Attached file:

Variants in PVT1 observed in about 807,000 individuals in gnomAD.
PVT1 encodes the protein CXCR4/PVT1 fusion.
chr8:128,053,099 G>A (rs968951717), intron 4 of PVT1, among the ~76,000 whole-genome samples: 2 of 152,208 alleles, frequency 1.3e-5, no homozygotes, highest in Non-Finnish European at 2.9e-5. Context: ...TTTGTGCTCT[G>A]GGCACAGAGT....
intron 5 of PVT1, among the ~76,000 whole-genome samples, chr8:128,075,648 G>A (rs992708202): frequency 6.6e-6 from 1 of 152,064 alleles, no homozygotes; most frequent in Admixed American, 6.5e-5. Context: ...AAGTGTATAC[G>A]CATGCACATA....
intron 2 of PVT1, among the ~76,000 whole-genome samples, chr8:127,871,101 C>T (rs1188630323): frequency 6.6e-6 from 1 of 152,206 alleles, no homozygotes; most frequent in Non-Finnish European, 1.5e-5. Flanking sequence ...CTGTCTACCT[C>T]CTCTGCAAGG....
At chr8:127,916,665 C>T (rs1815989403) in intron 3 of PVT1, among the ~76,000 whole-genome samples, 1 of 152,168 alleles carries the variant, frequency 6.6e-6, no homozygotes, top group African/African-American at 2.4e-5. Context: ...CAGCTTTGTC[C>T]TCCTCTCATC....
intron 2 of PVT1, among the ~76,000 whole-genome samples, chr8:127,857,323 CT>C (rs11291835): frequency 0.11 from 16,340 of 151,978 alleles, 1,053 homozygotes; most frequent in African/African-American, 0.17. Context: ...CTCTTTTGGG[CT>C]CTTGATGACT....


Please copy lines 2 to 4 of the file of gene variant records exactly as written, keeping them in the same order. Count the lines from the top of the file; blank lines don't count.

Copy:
PVT1 encodes the protein CXCR4/PVT1 fusion.
chr8:128,053,099 G>A (rs968951717), intron 4 of PVT1, among the ~76,000 whole-genome samples: 2 of 152,208 alleles, frequency 1.3e-5, no homozygotes, highest in Non-Finnish European at 2.9e-5. Context: ...TTTGTGCTCT[G>A]GGCACAGAGT....
intron 5 of PVT1, among the ~76,000 whole-genome samples, chr8:128,075,648 G>A (rs992708202): frequency 6.6e-6 from 1 of 152,064 alleles, no homozygotes; most frequent in Admixed American, 6.5e-5. Context: ...AAGTGTATAC[G>A]CATGCACATA....